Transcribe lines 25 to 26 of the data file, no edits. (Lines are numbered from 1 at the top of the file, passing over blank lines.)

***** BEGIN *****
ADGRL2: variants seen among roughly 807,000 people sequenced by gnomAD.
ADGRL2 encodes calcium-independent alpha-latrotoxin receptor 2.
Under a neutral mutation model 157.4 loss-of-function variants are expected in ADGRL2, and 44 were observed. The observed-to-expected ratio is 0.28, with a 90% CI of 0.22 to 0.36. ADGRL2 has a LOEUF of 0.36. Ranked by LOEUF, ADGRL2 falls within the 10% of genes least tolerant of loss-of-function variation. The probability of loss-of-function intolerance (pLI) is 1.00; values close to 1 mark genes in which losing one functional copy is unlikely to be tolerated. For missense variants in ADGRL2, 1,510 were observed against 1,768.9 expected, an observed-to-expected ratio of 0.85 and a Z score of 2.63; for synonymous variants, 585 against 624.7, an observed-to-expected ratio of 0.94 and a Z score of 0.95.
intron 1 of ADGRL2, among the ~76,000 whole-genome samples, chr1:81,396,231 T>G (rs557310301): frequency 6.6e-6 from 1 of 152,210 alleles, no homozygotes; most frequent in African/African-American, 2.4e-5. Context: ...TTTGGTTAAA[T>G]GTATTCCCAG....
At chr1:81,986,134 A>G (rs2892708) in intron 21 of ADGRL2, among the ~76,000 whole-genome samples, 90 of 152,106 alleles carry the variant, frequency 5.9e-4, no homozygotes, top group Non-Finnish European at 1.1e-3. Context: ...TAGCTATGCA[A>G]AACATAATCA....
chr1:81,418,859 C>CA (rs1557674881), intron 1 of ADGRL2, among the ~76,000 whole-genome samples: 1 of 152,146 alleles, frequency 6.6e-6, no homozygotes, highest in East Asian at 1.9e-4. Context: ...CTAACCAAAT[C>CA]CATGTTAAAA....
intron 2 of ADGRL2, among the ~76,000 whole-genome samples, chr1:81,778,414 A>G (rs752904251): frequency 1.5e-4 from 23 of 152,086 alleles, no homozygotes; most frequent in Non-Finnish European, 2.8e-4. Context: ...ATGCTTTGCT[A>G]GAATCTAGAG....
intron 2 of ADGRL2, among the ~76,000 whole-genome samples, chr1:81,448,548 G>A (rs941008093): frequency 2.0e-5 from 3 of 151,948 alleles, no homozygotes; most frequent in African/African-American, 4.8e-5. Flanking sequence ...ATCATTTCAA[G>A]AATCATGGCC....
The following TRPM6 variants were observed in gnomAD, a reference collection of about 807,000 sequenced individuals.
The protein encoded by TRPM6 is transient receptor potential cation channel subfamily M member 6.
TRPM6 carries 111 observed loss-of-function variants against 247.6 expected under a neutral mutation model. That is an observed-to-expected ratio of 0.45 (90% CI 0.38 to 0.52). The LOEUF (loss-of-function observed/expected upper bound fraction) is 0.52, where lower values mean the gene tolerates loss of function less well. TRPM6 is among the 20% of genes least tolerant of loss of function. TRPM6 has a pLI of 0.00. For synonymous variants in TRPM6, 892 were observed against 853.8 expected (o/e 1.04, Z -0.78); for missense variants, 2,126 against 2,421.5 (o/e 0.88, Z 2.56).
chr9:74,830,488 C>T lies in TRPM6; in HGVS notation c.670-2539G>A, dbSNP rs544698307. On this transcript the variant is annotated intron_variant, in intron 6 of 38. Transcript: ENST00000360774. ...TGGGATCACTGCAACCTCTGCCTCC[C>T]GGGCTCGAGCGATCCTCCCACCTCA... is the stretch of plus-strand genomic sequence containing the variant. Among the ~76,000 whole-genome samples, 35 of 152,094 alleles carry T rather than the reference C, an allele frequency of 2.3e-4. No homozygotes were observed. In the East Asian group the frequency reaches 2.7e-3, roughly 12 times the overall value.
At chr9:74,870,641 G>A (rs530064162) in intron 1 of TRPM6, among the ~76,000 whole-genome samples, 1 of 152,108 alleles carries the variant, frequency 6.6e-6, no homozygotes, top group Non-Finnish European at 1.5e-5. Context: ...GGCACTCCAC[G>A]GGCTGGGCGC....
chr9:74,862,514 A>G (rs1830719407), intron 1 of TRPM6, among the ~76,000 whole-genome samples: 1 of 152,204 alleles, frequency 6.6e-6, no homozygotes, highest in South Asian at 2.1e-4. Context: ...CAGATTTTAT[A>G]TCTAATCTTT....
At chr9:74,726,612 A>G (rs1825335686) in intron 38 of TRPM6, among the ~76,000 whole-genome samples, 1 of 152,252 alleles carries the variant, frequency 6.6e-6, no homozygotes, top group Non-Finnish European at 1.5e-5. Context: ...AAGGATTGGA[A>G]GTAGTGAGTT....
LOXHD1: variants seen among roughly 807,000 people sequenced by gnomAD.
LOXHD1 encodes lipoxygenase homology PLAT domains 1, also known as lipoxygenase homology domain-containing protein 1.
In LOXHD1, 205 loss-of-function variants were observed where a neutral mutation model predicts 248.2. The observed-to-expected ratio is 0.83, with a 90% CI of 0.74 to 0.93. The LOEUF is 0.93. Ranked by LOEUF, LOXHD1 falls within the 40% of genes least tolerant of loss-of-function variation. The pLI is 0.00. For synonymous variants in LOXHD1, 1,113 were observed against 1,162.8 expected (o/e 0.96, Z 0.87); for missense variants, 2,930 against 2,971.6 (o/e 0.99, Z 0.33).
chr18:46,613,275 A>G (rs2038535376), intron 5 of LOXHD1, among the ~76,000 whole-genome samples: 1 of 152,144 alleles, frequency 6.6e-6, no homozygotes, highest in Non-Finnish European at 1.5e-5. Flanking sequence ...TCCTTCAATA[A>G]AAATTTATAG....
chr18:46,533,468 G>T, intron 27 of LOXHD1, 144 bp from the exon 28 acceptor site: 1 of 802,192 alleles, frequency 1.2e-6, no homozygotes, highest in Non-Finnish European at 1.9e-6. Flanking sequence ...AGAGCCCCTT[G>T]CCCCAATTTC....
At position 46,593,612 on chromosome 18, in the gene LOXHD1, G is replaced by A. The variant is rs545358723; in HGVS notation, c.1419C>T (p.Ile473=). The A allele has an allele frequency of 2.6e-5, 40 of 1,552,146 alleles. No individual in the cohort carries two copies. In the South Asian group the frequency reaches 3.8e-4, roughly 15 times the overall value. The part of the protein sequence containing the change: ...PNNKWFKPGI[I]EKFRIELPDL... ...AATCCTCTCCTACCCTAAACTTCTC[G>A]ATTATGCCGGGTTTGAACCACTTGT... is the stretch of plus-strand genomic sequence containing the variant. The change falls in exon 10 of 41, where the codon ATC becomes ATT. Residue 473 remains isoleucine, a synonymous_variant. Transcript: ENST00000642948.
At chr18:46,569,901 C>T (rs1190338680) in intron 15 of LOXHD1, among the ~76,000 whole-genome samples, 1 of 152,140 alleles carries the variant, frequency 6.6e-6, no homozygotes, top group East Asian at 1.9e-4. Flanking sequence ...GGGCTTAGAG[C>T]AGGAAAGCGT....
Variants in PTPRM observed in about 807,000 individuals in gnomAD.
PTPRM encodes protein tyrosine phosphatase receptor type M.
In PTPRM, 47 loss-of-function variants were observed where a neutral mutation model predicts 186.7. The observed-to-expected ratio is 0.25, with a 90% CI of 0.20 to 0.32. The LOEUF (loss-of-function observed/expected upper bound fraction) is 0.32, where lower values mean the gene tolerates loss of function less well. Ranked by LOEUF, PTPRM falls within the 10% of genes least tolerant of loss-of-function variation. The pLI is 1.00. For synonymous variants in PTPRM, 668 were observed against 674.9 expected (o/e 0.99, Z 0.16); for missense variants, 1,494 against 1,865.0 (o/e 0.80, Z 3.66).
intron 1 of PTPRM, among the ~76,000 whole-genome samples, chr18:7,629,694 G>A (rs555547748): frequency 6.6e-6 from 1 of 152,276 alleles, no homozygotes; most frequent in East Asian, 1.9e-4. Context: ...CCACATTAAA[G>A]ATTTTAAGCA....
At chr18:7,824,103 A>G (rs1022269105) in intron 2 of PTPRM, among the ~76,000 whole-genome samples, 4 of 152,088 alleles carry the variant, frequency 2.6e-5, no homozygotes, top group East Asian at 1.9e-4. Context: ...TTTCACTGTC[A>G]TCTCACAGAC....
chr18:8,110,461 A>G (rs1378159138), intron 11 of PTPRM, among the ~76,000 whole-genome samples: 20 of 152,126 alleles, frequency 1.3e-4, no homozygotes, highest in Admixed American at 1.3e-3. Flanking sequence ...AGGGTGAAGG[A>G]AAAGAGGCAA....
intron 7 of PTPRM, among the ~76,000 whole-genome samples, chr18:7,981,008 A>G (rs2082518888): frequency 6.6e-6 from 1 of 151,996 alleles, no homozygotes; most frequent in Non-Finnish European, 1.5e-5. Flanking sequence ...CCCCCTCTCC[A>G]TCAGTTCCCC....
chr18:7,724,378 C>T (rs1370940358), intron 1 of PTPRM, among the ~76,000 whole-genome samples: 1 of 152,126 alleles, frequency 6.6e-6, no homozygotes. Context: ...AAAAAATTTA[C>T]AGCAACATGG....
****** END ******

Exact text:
In PTPRM, 47 loss-of-function variants were observed where a neutral mutation model predicts 186.7. The observed-to-expected ratio is 0.25, with a 90% CI of 0.20 to 0.32. The LOEUF (loss-of-function observed/expected upper bound fraction) is 0.32, where lower values mean the gene tolerates loss of function less well. Ranked by LOEUF, PTPRM falls within the 10% of genes least tolerant of loss-of-function variation. The pLI is 1.00. For synonymous variants in PTPRM, 668 were observed against 674.9 expected (o/e 0.99, Z 0.16); for missense variants, 1,494 against 1,865.0 (o/e 0.80, Z 3.66).
intron 1 of PTPRM, among the ~76,000 whole-genome samples, chr18:7,629,694 G>A (rs555547748): frequency 6.6e-6 from 1 of 152,276 alleles, no homozygotes; most frequent in East Asian, 1.9e-4. Context: ...CCACATTAAA[G>A]ATTTTAAGCA....